The -sV option will attempt to identify the vendor and software version for any open ports it detects.
Nmap version detection purposely skips some problematic ports (specifically 9100-9107). This can be overridden by combining the –allports parameter with -sV which instructs Nmap not to exclude any ports from version detection.
Troubleshooting Version Scans
nmap -sV --version-trace [target] | nmap -sV --version-trace 10.10.1.1
The –version-trace option can be helpful for debugging problems or to gain additional information about the target system.
nmap -sR [target] | nmap -sR 10.10.1.1
RCP is most commonly associated with Unix and Linux systems specifically for the NFS (Network File System) service.
Firewall Evasion Techniques
nmap -f [target] | nmap -f 10.10.1.1
The -f option is used to fragment probes into 8-byte packets. The -f option instructs Nmap to send small 8-byte packets thus fragmenting the probe into many very small packets. This option isn’t particularly useful in everyday situations; however, it may be helpful when attempting to evade some older or improperly configured firewalls. Some host operating systems may require the use of –send-eth combined with -f for fragmented packets to be properly transmitted.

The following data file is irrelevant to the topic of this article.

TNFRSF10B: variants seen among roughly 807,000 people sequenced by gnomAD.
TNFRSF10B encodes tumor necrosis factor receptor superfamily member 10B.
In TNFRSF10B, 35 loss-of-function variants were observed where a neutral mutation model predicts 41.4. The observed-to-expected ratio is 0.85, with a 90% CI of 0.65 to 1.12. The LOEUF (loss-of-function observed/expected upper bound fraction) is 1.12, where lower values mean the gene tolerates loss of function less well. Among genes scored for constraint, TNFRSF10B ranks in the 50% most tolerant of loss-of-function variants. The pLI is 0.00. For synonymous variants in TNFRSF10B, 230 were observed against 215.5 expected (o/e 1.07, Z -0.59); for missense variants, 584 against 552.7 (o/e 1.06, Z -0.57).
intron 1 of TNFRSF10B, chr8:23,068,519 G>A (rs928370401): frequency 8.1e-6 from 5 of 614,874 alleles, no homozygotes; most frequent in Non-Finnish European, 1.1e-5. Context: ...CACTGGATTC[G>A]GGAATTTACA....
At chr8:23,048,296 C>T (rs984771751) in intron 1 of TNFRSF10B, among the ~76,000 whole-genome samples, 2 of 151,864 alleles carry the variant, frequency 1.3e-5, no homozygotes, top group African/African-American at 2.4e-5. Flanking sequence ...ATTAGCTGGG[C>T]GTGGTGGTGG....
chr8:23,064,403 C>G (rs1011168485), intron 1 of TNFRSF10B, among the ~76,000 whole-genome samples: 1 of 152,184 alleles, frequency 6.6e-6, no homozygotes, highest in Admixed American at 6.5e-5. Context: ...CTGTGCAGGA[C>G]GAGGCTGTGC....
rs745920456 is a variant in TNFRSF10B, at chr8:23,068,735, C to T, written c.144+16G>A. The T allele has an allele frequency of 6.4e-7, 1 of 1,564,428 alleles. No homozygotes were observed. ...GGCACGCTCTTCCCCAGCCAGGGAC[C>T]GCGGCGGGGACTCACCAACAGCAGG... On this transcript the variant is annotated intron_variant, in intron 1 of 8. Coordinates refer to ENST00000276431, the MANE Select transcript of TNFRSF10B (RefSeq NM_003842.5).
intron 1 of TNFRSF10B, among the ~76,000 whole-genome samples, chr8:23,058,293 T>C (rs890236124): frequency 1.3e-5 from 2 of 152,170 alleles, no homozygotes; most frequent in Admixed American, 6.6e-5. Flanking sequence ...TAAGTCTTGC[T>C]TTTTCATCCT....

Specify a Specific MTU
The MTU must be a multiple of 8 (example 8, 16, 24, 32, etc). The –mtu option is similar to the -f option except it allows you to specify your own MTU to be used during scanning. This creates fragmented packets that can potentially confuse some firewalls.
nmap --mtu [number] [target] | nmap --mtu 16 10.10.1.1
Use a Decoy
When performing a decoy scan Nmap will spoof additional packets from the specified number of decoy addresses. This effectively makes it appear that the target is being scanned by multiple systems simultaneously. Using decoys allows the actual source of the scan to “blend into the crowd” which makes it harder to trace where the scan is coming from.
nmap -D [decoy1,decoy2,etc|RND:number] [target] | nmap -D RND:10 10.10.1.48
nmap -D RND:10 instructs Nmap to generate 10 random decoys. You can also specify decoy addresses manually using the following syntax: nmap -D decoy1,decoy2,decoy3, etc. Using too many decoys can cause network congestion and reduce the effectiveness of a scan. Additionally, some internet service providers may filter spoofed traffic which will reduce the effectiveness of using decoys to cloak your scanning activity.
Idle Zombie Scan
The -sI option is used to perform an idle zombie scan. The idle zombie scan is a unique scanning technique that allows you to exploit an idle system and use it to scan a target system for you. The scan works by exploiting the predictable IP sequence ID generation employed by some systems. In order for an idle scan to be successful, the zombie system must truly be idle at the time of scanning.